Letters

I Knit Pussy Hats

Trump year 1

What have you done in the last year to respond to the upheavals in American politics?  This is an installment in a series of short essays that reflect on the first year of Donald Trump’s presidency.

When I saw this call for submissions on Claire Potter’s Facebook profile, I knew that since my nom de blog is Knitting Clio, I must write about knitting! Both my mother and grandmother knit and crochet, so I learned the craft at an early age. It got me through the long winters in Vermont, especially the one when I broke my foot in 4th grade.

When I was in graduate school, we female students were advised not to knit or do any other needlework in meetings if we wanted to be taken seriously. So, I set knitting aside as I worked on my dissertation and then went on to my job in the history department at Central Connecticut State University.

It wasn’t until the “renaissance” of knitting in the late 1990s and early 2000s that I took it up my needles again. I was inspired by the work of Debbie Stoller, co-founder, co-owner and editor-in-chief of the feminist culture magazineBust. In 1992, she and co-editor Marcell Karp decided to start their own publication modeled after the “out-spoken sensibility” and DIY ethic of the Riot Grrl movement. In addition to commentaries on progressive politics and pop culture, the magazine had instructions for knitting, crochet, needlepoint, and other DIY craft projects. Eventually Stoller compiled her patterns into Stitch ‘n Bitch: The Knitter’s Handbook and other books.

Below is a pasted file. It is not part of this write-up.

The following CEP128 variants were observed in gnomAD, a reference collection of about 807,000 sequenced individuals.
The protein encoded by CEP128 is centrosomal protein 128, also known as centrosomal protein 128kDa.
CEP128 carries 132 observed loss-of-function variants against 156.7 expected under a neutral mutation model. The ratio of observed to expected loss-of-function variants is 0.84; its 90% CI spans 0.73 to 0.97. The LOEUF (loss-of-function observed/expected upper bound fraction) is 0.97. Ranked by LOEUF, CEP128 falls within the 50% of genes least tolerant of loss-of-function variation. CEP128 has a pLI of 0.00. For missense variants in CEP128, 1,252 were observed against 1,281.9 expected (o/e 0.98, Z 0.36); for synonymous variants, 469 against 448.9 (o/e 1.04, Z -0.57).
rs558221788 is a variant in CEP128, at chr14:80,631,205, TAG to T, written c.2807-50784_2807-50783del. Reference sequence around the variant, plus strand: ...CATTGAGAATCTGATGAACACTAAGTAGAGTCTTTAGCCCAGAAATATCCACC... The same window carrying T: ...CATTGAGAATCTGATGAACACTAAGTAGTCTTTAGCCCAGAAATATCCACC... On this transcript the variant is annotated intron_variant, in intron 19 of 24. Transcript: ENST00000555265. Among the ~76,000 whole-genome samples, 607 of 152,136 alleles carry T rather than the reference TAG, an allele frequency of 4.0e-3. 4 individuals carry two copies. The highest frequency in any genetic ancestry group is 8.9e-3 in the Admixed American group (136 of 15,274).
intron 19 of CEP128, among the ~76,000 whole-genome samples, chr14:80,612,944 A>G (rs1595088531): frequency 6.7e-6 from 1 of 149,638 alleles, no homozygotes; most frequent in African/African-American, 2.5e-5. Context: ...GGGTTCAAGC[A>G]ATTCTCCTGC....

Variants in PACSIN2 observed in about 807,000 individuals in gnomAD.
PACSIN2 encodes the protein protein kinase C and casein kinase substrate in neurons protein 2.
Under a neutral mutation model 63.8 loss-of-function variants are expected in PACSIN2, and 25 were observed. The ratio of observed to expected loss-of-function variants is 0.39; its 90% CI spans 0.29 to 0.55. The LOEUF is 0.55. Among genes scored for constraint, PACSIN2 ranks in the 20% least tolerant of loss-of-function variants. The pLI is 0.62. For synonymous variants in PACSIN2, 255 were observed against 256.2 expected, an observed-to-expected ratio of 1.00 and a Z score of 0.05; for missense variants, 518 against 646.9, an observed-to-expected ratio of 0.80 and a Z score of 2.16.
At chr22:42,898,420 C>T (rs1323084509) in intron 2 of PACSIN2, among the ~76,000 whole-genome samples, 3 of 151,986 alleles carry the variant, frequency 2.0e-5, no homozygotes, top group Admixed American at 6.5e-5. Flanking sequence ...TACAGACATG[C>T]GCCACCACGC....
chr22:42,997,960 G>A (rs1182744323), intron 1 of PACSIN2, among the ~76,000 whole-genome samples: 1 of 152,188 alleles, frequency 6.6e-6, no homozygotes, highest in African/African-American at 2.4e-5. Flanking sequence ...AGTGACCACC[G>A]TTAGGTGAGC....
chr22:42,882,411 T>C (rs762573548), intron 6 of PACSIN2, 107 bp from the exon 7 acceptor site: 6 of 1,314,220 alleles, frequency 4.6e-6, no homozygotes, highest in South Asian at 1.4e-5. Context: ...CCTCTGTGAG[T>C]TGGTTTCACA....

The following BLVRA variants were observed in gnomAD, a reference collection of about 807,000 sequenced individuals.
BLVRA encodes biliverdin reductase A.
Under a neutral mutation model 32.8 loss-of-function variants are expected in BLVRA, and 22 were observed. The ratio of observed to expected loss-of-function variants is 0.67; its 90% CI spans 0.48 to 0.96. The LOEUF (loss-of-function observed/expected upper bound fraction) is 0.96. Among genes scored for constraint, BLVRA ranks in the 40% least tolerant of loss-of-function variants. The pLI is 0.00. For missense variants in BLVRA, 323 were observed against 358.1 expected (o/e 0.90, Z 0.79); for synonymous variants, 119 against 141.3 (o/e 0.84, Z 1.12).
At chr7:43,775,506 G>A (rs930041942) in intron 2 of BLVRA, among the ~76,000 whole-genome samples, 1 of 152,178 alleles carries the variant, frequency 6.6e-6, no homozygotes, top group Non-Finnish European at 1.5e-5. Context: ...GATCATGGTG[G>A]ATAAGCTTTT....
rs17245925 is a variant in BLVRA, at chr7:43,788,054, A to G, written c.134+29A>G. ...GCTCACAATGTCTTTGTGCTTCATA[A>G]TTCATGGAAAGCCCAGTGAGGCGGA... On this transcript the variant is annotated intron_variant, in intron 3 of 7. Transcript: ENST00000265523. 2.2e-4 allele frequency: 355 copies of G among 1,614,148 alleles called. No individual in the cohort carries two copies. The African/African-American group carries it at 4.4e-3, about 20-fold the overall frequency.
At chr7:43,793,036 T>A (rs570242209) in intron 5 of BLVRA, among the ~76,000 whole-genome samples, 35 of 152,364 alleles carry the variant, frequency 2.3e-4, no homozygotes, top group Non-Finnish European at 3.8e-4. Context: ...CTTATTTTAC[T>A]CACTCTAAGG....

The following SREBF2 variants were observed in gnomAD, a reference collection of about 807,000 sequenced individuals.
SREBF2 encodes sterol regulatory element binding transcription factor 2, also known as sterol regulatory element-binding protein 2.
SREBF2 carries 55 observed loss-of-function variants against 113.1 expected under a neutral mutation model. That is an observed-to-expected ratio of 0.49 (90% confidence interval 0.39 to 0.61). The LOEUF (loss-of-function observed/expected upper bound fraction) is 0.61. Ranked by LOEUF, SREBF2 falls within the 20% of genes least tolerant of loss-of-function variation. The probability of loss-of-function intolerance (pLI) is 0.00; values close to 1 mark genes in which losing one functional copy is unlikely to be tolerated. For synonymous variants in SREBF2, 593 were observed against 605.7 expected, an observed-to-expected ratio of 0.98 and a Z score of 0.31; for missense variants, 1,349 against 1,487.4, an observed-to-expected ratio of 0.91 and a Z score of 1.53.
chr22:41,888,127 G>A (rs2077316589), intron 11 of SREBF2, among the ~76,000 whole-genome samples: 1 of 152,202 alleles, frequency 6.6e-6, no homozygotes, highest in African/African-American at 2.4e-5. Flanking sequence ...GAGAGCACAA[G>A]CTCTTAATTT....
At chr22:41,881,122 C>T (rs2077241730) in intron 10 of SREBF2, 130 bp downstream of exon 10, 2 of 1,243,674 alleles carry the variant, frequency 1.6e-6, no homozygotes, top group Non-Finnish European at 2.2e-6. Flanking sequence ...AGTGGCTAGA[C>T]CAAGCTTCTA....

I’m happy to say that knitting in public is no longer shameful. There’s even a worldwide knit in public day! (the next one is June 9, 2018). Many women (and men) now knit at history conferences. For some reason, we are especially numerous at the American Association for the History of Medicine meetings.

After last year’s Presidential election, a group of women artists created the Pussy Hat Project, in conjunction with the Women’s March on Washington. Their aims are:

“1. Provide the people of the Women’s March on Washington a means to make a unique collective visual statement (a sea of pink hats) which will help activists be better heard and
2. Provide people who cannot physically march on the National Mall a way to represent themselves and support women’s rights by creating and gifting pussyhats.”

The organizers chose the word “pussy” — a derogatory term for female genitalia – as a way of reclaiming the word and using it as a means of female empowerment.

The Pussy Hat project founders hope that in the process of making pussyhats, participants “would be connecting with each other and laying the groundwork for future political activism.”

I was thrilled with the idea and immediately got ahold of the pussy hat pattern and started knitting. Here are some hats I made for friends going to the Women’s March in Washington, DC.

My feline assistant Regine “inspects” a completed hat.

Of course, I made one for myself and even got my husband to wear one. Here we are at the Women’s March in Hartford, Connecticut. [Note the absence of snow in New England in January. Further proof that climate change is real]

For me, knitting pussy hats has been a great outlet for my pent-up frustration over the past year. It sooths my soul and unites me with other stitching activists. We march on and we keep on knitting.

Heather Munro Prescott is a Professor of History at Central Connecticut State University.

Also for you:

Heather Prescott

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